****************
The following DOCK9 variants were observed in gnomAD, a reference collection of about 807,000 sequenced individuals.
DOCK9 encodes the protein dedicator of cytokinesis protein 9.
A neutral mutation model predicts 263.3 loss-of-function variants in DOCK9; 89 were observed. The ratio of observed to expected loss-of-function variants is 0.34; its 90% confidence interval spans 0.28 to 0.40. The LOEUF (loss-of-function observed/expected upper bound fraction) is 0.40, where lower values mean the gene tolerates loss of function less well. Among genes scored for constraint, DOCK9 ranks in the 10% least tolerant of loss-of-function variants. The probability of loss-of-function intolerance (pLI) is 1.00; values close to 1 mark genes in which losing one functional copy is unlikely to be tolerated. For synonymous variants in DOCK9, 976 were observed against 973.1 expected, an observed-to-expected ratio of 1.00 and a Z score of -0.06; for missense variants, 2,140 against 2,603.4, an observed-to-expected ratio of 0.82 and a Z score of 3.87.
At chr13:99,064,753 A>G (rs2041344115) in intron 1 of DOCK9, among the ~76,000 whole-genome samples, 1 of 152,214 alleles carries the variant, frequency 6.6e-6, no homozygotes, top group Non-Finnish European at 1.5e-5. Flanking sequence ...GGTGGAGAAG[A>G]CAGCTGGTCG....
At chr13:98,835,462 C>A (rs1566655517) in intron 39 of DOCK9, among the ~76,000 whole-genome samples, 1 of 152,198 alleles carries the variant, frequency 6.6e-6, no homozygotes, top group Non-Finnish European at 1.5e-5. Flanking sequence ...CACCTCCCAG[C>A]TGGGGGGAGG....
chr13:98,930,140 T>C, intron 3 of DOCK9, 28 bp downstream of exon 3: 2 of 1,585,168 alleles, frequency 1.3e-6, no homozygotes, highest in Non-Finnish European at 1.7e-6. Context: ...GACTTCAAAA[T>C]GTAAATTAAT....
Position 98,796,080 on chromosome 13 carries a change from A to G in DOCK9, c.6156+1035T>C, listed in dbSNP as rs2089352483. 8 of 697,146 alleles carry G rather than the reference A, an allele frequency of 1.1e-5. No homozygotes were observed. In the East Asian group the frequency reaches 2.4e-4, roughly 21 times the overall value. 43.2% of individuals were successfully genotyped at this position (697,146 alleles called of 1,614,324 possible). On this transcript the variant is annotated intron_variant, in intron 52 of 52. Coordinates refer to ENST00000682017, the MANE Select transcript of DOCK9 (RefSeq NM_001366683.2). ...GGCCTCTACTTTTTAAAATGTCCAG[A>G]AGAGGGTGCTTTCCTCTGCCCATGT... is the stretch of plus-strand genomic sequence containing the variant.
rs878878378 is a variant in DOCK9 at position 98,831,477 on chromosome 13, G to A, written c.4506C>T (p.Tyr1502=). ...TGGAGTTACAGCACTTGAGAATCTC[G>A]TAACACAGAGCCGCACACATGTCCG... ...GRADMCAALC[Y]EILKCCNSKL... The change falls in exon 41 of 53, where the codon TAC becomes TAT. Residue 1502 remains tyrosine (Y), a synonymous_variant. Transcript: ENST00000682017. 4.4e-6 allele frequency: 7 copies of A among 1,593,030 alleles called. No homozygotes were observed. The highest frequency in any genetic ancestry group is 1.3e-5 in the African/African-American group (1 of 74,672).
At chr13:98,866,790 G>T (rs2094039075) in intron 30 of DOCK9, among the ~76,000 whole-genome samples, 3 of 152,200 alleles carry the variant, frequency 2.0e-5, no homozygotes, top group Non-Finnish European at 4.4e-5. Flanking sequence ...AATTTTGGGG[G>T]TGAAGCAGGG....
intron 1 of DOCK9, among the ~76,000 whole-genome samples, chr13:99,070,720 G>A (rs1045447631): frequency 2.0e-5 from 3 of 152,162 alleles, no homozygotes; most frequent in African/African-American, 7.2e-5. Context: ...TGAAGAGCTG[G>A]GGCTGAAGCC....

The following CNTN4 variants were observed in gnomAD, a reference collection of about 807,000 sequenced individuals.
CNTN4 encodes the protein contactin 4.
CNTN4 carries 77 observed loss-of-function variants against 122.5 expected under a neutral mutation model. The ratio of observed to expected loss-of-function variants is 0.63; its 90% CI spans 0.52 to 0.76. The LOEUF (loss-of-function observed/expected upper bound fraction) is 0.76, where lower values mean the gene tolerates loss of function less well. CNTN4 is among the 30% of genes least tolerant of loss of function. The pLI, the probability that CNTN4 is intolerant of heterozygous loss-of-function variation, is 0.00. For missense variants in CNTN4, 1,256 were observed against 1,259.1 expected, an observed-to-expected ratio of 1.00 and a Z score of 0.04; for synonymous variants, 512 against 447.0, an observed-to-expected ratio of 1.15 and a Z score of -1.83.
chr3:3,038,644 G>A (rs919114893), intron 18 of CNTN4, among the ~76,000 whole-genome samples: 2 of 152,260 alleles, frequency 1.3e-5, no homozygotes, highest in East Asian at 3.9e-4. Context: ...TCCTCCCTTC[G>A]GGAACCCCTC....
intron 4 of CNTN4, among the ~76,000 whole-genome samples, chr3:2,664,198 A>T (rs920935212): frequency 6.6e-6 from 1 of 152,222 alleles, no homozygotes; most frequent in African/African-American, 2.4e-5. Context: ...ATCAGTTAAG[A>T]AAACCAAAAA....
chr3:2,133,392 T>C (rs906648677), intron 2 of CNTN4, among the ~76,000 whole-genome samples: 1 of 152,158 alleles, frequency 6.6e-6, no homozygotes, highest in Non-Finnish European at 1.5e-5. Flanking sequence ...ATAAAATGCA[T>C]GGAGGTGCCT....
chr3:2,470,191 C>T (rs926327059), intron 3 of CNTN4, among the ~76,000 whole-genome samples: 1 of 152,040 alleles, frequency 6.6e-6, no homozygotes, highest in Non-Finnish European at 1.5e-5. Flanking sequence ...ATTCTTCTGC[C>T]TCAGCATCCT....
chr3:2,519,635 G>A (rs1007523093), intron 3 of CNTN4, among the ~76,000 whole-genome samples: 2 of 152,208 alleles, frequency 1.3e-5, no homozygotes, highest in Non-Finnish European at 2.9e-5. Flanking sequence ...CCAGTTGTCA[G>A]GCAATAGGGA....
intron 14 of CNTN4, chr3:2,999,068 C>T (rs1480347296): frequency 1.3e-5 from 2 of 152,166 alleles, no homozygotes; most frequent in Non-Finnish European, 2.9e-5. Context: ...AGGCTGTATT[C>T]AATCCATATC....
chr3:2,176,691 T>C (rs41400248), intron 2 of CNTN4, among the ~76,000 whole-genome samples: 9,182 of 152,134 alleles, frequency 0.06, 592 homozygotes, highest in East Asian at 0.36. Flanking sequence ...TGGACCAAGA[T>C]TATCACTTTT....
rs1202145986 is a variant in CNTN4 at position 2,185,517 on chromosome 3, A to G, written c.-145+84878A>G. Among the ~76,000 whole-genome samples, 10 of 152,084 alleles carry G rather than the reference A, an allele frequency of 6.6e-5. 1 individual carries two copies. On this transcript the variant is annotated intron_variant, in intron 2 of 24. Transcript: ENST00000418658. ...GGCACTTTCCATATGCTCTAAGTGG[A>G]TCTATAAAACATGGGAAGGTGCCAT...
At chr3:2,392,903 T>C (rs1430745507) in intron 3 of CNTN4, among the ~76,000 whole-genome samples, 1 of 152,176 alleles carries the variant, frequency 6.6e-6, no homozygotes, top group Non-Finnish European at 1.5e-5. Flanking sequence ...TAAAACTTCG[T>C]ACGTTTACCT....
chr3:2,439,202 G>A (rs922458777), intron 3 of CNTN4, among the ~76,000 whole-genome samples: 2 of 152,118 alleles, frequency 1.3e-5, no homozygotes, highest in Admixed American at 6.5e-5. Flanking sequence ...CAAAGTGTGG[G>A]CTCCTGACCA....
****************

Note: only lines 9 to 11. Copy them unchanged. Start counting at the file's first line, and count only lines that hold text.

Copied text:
At chr13:98,866,790 G>T (rs2094039075) in intron 30 of DOCK9, among the ~76,000 whole-genome samples, 3 of 152,200 alleles carry the variant, frequency 2.0e-5, no homozygotes, top group Non-Finnish European at 4.4e-5. Flanking sequence ...AATTTTGGGG[G>T]TGAAGCAGGG....
intron 1 of DOCK9, among the ~76,000 whole-genome samples, chr13:99,070,720 G>A (rs1045447631): frequency 2.0e-5 from 3 of 152,162 alleles, no homozygotes; most frequent in African/African-American, 7.2e-5. Context: ...TGAAGAGCTG[G>A]GGCTGAAGCC....

The following CNTN4 variants were observed in gnomAD, a reference collection of about 807,000 sequenced individuals.